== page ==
For example in the market, I was buying pork ribs at the counter and the attendant who has the only access to it was making me choose which pieces I want. I remembered the funny video "Is mir egal" so I just said "egal", but looking at some usages of that word in youtube, it seems more closely translated to "I don't care". Does it sound rude when used in this context?

What about this?

Irgendetwas ist okay

Thank you!

  • 3
    A pity it was pork ribs. If it had been sausage, then in Bavaria, "das ist mir Wurst" would have been an excellent answer :-) Oct 14, 2022 at 7:04
  • 1
    I will keep that in mind and make sure to use it when I go to Bavaria someday :) Oct 14, 2022 at 8:19
  • 1
    The phrase is also common in the rest of Germany, but generally uses Bavarian-ish pronunciation (»Wurscht« / [vʊɐ∫t]), even in dialects that otherwise use plain [vʊʁst]. Oct 14, 2022 at 13:42

4 Answers 4


The German word "egal" was brought into German at about the year 1650 from the French language (égal = equal, the same), but it originally was a Latin word (æquālis = equal, of the same age, of the same kind, uniform, even). Also the English word "equal" derived from the same root, but also "equator", "adequate" and "equilibrium" (in German: Äquator, adäquat, Equilibrium)

So, the meaning of the German phrase »Das ist mir egal« is:

German: Das ist mir egal.

This is the same to me.
This appears equal to me.
To me it looks the same.

But of course the meaning "I don't care " also resonates. But this is not meant rudely, and a native German speaker will under normal circumstances not understand it as rude when you say "Das ist mir egal".

If you fear to be understood rudely, you can replace "egal" by "nicht so wichtig" (= "not so important") and you can even soften the meaning by adding some extra stuff:

Ach wissen Sie, das ist mir eigentlich nicht so wichtig.
Oh you know, that's not so important to me.

In all these cases it's important to add the word "mir". This is a personal pronoun, first person singular, in dative case. You can add it to almost any German statement (as a "free dative", you can search for that term), and it means roughly "to me". With this word you can turn any statement that otherwise sounds as if you would claim a universal and verified fact into a personal statement about how it impacts you. When you use this word, you don't say that it is an obvious fact that the two pieces are equal (which might sound harsh), but you say that it makes no difference for your personal needs.

Irgendetwas ist okay.

Don't say this. This sounds like a very weak direct translation from a foreign language. No German native speaker would say this. The sentence is grammatically correct, but it doesn't mean what you wanted to say. The word "irgendetwas" does not refer to only the two pieces that were offered to you. It in fact refers to any thing that exists. Even in the context you told us it still can mean the butchers apron, the car parking in front of the shop or the next streetlamp (although this makes no sense when you are obviously there to buy meat). The word "irgendetwas" really means "anything" in the sense of any imaginable thing. It does not mean "any of the offered items".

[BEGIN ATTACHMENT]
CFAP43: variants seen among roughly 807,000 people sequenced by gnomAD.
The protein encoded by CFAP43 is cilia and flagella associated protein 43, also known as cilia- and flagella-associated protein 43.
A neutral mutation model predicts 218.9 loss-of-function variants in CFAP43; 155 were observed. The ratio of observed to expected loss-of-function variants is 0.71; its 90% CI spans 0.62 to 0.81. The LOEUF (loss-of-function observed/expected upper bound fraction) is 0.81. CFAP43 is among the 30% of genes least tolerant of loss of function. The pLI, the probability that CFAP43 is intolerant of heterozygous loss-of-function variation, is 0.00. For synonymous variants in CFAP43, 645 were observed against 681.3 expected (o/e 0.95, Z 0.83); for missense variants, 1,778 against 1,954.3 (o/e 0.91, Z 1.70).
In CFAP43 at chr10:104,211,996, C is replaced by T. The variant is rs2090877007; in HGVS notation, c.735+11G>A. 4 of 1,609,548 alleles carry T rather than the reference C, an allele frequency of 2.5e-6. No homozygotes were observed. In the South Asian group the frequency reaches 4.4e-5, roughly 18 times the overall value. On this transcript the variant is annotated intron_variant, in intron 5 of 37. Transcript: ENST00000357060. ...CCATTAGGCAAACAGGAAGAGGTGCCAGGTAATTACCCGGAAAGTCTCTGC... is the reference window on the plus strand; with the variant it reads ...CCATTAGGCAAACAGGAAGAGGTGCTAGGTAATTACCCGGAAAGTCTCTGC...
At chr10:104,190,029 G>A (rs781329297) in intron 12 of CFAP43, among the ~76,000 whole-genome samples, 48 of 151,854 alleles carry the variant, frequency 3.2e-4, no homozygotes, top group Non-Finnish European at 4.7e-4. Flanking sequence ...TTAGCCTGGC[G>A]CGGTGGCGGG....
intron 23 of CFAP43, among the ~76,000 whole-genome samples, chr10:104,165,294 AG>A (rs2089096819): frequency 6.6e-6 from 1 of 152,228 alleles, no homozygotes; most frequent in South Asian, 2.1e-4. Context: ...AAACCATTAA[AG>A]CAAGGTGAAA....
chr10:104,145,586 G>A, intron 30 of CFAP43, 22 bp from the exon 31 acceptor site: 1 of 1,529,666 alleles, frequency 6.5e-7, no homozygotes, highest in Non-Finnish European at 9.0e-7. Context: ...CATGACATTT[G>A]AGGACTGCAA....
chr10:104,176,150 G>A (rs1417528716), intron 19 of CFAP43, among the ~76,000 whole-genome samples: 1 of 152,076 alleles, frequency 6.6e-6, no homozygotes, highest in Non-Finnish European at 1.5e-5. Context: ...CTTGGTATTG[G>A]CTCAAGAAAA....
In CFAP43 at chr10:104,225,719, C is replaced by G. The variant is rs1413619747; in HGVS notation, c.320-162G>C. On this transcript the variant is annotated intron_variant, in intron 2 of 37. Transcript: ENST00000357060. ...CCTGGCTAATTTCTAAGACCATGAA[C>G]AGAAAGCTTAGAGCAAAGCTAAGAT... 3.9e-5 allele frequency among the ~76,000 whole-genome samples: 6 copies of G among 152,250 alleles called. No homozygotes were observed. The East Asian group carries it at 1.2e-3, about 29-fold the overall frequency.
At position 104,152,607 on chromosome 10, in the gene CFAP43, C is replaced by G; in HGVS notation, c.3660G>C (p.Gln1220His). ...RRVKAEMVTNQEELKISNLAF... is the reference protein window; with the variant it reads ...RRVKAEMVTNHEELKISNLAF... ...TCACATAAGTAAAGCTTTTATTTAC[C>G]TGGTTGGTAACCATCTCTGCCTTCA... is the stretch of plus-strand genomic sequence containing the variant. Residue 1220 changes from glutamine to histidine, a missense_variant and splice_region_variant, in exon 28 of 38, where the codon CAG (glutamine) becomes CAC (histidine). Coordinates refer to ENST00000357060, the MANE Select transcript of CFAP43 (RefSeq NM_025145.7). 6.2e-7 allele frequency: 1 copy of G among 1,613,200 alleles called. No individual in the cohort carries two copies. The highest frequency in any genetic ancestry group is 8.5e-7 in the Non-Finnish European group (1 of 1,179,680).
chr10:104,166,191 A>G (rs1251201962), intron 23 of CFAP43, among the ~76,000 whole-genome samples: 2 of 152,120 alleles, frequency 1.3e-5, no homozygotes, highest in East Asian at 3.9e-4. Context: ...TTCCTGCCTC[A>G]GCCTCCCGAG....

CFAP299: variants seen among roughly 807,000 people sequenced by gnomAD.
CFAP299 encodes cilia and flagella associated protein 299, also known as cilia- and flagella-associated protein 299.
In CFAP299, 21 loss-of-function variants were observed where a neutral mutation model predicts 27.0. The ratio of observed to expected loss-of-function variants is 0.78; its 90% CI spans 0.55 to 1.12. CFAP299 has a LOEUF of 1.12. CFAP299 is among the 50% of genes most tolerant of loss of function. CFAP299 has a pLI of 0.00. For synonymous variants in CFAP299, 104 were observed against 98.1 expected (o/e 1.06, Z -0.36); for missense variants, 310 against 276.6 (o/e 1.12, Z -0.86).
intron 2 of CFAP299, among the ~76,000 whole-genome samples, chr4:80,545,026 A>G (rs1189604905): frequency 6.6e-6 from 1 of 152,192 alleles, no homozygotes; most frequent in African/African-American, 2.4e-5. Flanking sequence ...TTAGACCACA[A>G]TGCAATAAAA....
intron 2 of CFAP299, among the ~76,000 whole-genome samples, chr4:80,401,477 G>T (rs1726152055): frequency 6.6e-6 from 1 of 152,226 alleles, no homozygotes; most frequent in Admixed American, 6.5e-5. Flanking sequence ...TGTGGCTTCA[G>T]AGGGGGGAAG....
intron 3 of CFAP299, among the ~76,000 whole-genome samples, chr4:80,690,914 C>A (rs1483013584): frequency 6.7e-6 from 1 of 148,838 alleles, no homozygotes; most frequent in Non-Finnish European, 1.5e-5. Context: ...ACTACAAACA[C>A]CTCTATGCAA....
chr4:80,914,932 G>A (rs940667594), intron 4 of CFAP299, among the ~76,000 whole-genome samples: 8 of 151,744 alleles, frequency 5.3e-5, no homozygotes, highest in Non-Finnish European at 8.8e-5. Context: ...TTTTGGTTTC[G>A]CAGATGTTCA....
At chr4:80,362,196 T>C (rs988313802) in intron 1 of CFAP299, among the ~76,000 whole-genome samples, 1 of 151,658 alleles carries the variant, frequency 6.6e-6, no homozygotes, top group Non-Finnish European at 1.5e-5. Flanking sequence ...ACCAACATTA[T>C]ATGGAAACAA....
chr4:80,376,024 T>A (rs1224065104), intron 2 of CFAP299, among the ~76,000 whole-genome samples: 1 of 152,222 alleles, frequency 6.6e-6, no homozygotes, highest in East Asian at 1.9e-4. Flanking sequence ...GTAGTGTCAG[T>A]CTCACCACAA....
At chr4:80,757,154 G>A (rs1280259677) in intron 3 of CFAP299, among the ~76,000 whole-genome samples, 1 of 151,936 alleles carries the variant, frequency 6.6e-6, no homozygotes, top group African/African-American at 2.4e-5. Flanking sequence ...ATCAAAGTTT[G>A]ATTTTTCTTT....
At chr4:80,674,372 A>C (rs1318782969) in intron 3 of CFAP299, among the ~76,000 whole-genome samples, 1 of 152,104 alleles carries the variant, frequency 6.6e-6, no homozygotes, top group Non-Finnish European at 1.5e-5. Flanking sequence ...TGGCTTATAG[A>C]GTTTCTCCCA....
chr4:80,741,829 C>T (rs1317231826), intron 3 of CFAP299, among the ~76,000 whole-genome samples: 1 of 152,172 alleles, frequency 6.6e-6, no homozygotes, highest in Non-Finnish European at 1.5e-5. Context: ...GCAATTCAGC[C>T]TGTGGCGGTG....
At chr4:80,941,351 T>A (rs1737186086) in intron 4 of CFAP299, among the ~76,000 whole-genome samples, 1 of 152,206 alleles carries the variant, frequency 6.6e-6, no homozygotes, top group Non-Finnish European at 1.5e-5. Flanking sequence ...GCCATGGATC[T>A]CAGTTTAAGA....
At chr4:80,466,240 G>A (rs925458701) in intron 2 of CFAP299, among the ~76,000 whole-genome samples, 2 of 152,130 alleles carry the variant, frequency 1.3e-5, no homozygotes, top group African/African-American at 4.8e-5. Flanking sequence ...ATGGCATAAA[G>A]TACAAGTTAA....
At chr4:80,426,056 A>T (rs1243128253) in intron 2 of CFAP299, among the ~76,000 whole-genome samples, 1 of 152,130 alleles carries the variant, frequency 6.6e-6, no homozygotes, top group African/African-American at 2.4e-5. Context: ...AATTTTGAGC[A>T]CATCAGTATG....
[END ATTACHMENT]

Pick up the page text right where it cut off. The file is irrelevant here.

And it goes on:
You can actually use the word "egal", without sounding rude, if you wrap it in a sentence. Generally speaking, most words would sound rude, if they are on their own. However, if you are looking for a nice way to phrase that you would be okay, with whatever that person chooses, I would recommend either something like "Das sieht alles gut aus, Sie können gerne einfach eins aussuchen." Or something like "Einfach irgendeins." would be more common. Your suggestion with "Irgendetwas ist okay" would be understandable, but not as smooth.

  • 3
    "Egal" on it's own reminds me of "Whatever", which can be very rude and dismissive. It even became a meme popularized by the movie "Clueless".
    – RDBury
    Oct 13, 2022 at 14:09

Neither rude nor super friendly but definitely suitable to survive the store:

  • Das überlasse ich Ihnen
    (I leave that to you)

  • Das dürfen Sie bestimmen
    (You can decide that)


Another option in the same vein as @Pollitzer's answer: "Was würden Sie empfehlen?" ("Which would you recommend?").

This has the advantage that you express appreciation of the attendant's judgement, which might get you the best parts (except in bad shops where they might give you the stuff that otherwise no one would want :-) )

In addition, you're the one who makes the final choice, which fits your role as customer.

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